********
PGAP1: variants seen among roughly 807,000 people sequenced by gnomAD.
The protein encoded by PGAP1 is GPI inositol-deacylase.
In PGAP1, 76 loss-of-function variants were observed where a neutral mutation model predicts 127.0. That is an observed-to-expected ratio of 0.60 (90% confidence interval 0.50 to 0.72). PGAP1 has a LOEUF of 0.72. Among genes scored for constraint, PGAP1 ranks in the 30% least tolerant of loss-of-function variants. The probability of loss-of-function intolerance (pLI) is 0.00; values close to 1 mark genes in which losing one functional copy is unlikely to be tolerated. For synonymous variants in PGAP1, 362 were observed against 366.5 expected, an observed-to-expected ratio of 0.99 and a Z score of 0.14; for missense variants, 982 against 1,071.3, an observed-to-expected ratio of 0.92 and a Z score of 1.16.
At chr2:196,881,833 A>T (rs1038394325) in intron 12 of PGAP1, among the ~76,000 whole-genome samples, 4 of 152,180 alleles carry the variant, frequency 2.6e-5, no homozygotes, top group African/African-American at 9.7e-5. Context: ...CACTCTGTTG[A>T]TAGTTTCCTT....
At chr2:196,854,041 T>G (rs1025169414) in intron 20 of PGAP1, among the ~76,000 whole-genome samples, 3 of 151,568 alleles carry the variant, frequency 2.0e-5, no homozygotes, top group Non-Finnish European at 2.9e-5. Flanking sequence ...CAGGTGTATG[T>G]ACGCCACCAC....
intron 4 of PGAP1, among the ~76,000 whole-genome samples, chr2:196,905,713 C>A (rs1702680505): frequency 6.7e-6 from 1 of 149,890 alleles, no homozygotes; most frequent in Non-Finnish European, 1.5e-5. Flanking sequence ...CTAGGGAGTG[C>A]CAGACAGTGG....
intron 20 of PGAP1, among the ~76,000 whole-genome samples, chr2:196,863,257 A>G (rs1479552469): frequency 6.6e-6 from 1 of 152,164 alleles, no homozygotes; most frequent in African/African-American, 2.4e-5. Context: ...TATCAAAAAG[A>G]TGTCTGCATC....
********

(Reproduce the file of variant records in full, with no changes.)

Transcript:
PGAP1: variants seen among roughly 807,000 people sequenced by gnomAD.
The protein encoded by PGAP1 is GPI inositol-deacylase.
In PGAP1, 76 loss-of-function variants were observed where a neutral mutation model predicts 127.0. That is an observed-to-expected ratio of 0.60 (90% confidence interval 0.50 to 0.72). PGAP1 has a LOEUF of 0.72. Among genes scored for constraint, PGAP1 ranks in the 30% least tolerant of loss-of-function variants. The probability of loss-of-function intolerance (pLI) is 0.00; values close to 1 mark genes in which losing one functional copy is unlikely to be tolerated. For synonymous variants in PGAP1, 362 were observed against 366.5 expected, an observed-to-expected ratio of 0.99 and a Z score of 0.14; for missense variants, 982 against 1,071.3, an observed-to-expected ratio of 0.92 and a Z score of 1.16.
At chr2:196,881,833 A>T (rs1038394325) in intron 12 of PGAP1, among the ~76,000 whole-genome samples, 4 of 152,180 alleles carry the variant, frequency 2.6e-5, no homozygotes, top group African/African-American at 9.7e-5. Context: ...CACTCTGTTG[A>T]TAGTTTCCTT....
At chr2:196,854,041 T>G (rs1025169414) in intron 20 of PGAP1, among the ~76,000 whole-genome samples, 3 of 151,568 alleles carry the variant, frequency 2.0e-5, no homozygotes, top group Non-Finnish European at 2.9e-5. Flanking sequence ...CAGGTGTATG[T>G]ACGCCACCAC....
intron 4 of PGAP1, among the ~76,000 whole-genome samples, chr2:196,905,713 C>A (rs1702680505): frequency 6.7e-6 from 1 of 149,890 alleles, no homozygotes; most frequent in Non-Finnish European, 1.5e-5. Flanking sequence ...CTAGGGAGTG[C>A]CAGACAGTGG....
intron 20 of PGAP1, among the ~76,000 whole-genome samples, chr2:196,863,257 A>G (rs1479552469): frequency 6.6e-6 from 1 of 152,164 alleles, no homozygotes; most frequent in African/African-American, 2.4e-5. Context: ...TATCAAAAAG[A>G]TGTCTGCATC....